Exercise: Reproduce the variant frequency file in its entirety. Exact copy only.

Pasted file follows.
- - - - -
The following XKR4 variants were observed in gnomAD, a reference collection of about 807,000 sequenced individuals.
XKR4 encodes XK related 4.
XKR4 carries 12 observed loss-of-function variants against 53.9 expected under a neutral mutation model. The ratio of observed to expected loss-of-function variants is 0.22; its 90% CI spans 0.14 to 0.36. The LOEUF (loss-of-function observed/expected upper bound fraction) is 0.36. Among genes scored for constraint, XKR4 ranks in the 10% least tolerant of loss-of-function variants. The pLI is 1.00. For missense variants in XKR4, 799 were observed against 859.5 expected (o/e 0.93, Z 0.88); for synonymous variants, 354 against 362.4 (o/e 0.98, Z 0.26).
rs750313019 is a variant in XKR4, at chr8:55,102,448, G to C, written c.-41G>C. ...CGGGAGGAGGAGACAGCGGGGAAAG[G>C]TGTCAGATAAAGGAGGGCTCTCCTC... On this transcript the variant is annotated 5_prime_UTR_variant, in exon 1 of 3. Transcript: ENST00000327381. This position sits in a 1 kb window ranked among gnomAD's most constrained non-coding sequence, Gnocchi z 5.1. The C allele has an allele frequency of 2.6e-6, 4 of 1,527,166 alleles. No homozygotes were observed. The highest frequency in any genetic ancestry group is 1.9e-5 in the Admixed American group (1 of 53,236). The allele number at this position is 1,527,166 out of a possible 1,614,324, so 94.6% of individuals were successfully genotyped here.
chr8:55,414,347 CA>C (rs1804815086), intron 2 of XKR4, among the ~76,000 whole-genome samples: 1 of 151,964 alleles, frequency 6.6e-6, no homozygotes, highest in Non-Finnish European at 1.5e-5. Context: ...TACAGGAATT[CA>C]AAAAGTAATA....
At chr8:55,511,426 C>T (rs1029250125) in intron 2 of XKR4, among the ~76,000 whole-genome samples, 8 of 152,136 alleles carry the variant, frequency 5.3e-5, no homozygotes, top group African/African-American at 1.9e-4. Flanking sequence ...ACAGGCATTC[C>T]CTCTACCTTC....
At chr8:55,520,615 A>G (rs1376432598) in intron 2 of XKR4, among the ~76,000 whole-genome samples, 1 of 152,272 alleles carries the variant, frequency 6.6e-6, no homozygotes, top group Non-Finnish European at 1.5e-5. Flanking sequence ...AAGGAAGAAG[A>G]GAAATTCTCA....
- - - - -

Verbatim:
The following XKR4 variants were observed in gnomAD, a reference collection of about 807,000 sequenced individuals.
XKR4 encodes XK related 4.
XKR4 carries 12 observed loss-of-function variants against 53.9 expected under a neutral mutation model. The ratio of observed to expected loss-of-function variants is 0.22; its 90% CI spans 0.14 to 0.36. The LOEUF (loss-of-function observed/expected upper bound fraction) is 0.36. Among genes scored for constraint, XKR4 ranks in the 10% least tolerant of loss-of-function variants. The pLI is 1.00. For missense variants in XKR4, 799 were observed against 859.5 expected (o/e 0.93, Z 0.88); for synonymous variants, 354 against 362.4 (o/e 0.98, Z 0.26).
rs750313019 is a variant in XKR4, at chr8:55,102,448, G to C, written c.-41G>C. ...CGGGAGGAGGAGACAGCGGGGAAAG[G>C]TGTCAGATAAAGGAGGGCTCTCCTC... On this transcript the variant is annotated 5_prime_UTR_variant, in exon 1 of 3. Transcript: ENST00000327381. This position sits in a 1 kb window ranked among gnomAD's most constrained non-coding sequence, Gnocchi z 5.1. The C allele has an allele frequency of 2.6e-6, 4 of 1,527,166 alleles. No homozygotes were observed. The highest frequency in any genetic ancestry group is 1.9e-5 in the Admixed American group (1 of 53,236). The allele number at this position is 1,527,166 out of a possible 1,614,324, so 94.6% of individuals were successfully genotyped here.
chr8:55,414,347 CA>C (rs1804815086), intron 2 of XKR4, among the ~76,000 whole-genome samples: 1 of 151,964 alleles, frequency 6.6e-6, no homozygotes, highest in Non-Finnish European at 1.5e-5. Context: ...TACAGGAATT[CA>C]AAAAGTAATA....
At chr8:55,511,426 C>T (rs1029250125) in intron 2 of XKR4, among the ~76,000 whole-genome samples, 8 of 152,136 alleles carry the variant, frequency 5.3e-5, no homozygotes, top group African/African-American at 1.9e-4. Flanking sequence ...ACAGGCATTC[C>T]CTCTACCTTC....
At chr8:55,520,615 A>G (rs1376432598) in intron 2 of XKR4, among the ~76,000 whole-genome samples, 1 of 152,272 alleles carries the variant, frequency 6.6e-6, no homozygotes, top group Non-Finnish European at 1.5e-5. Flanking sequence ...AAGGAAGAAG[A>G]GAAATTCTCA....